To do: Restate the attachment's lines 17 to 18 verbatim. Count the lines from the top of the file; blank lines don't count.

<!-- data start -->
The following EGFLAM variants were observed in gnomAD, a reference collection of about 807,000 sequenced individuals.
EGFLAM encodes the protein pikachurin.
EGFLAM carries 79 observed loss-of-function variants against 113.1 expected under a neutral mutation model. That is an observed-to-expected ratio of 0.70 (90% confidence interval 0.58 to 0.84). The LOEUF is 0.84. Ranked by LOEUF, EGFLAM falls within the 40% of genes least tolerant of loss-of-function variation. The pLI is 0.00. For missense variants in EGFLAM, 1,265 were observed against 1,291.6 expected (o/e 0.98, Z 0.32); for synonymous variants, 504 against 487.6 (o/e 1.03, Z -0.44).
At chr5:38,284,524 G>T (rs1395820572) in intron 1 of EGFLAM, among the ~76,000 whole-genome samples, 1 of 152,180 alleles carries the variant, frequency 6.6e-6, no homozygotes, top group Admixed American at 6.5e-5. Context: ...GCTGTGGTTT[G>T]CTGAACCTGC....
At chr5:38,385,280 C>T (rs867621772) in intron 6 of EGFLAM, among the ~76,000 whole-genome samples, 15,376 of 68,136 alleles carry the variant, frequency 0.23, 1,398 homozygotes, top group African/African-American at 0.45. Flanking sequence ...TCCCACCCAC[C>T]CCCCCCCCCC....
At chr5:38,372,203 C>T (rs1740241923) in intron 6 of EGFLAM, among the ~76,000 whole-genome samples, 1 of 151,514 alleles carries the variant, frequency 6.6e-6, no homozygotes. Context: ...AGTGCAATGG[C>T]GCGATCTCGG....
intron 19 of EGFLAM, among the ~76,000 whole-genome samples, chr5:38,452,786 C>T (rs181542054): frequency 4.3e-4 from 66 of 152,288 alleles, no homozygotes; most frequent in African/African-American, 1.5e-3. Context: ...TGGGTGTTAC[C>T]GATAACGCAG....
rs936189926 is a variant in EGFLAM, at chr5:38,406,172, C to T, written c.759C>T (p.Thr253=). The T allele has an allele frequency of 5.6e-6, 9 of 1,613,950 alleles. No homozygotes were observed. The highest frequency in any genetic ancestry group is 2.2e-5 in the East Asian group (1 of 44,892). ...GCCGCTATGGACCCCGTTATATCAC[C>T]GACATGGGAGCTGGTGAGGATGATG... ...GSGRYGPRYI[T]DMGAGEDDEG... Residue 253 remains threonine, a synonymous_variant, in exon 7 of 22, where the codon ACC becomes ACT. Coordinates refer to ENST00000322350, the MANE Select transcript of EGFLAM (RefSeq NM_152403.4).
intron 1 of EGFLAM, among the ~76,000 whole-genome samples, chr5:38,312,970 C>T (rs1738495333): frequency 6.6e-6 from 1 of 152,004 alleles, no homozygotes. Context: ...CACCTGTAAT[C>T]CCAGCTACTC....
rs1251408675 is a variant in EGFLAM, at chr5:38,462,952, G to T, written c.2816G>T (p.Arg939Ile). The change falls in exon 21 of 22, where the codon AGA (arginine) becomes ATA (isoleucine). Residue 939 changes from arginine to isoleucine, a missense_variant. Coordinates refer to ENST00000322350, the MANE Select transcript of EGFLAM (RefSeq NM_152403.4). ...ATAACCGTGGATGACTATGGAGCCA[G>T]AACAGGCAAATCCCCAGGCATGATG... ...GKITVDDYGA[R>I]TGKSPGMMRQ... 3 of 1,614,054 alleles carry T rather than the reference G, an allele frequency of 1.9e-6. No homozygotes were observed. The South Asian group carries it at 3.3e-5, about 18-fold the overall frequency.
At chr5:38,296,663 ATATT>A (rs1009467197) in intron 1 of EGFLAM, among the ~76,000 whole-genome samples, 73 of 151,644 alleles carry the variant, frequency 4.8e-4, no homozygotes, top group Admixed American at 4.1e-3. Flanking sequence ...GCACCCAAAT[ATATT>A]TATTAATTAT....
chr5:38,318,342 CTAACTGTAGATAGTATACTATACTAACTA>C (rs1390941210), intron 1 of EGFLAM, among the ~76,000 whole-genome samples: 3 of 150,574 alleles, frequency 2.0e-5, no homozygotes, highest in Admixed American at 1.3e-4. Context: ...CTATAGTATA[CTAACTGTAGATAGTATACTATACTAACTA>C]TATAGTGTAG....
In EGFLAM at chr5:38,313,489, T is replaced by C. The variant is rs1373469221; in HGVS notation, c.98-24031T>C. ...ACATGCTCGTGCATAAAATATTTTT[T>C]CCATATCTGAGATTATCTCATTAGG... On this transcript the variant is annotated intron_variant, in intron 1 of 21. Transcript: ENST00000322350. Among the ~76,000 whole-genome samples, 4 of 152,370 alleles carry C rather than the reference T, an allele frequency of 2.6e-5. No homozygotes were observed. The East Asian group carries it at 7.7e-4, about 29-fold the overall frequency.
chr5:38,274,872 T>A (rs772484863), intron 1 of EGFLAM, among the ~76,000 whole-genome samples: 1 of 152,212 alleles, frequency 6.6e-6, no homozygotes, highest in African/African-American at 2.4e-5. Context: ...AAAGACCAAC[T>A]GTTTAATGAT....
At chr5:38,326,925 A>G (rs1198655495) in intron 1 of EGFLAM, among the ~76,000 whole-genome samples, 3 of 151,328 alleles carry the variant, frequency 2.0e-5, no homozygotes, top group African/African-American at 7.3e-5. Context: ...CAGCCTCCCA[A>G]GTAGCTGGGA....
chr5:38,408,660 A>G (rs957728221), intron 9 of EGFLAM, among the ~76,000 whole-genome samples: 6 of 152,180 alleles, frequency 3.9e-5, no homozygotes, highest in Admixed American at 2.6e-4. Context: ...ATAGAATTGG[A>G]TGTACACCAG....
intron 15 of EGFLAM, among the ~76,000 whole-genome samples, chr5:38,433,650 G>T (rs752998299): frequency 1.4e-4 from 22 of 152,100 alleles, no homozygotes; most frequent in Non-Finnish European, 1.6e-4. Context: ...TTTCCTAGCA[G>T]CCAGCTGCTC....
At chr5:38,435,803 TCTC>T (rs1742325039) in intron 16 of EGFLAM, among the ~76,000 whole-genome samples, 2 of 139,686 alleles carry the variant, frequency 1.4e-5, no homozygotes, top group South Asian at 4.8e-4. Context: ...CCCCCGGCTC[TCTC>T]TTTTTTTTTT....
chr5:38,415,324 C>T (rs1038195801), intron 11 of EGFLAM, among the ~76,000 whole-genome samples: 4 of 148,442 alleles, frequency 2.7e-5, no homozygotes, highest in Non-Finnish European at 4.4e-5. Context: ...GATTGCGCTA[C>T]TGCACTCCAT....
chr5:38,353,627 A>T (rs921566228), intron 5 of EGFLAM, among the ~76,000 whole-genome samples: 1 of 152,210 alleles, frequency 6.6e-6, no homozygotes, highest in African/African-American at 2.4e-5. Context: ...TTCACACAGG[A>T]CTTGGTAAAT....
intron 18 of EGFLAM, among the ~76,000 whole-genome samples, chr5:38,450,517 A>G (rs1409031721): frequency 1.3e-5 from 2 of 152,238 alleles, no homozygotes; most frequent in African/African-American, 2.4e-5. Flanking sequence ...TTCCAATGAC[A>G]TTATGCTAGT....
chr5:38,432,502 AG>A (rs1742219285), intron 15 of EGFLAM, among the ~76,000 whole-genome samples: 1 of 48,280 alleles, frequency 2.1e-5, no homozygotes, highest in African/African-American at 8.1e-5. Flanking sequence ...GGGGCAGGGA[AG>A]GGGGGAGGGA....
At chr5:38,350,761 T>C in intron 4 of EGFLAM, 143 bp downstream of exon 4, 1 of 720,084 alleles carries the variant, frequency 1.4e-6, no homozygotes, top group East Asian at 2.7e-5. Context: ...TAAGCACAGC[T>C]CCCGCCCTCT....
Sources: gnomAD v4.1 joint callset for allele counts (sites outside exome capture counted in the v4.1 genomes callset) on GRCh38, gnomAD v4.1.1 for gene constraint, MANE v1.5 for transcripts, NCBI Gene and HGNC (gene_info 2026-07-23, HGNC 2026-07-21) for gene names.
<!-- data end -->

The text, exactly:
intron 15 of EGFLAM, among the ~76,000 whole-genome samples, chr5:38,433,650 G>T (rs752998299): frequency 1.4e-4 from 22 of 152,100 alleles, no homozygotes; most frequent in Non-Finnish European, 1.6e-4. Context: ...TTTCCTAGCA[G>T]CCAGCTGCTC....
At chr5:38,435,803 TCTC>T (rs1742325039) in intron 16 of EGFLAM, among the ~76,000 whole-genome samples, 2 of 139,686 alleles carry the variant, frequency 1.4e-5, no homozygotes, top group South Asian at 4.8e-4. Context: ...CCCCCGGCTC[TCTC>T]TTTTTTTTTT....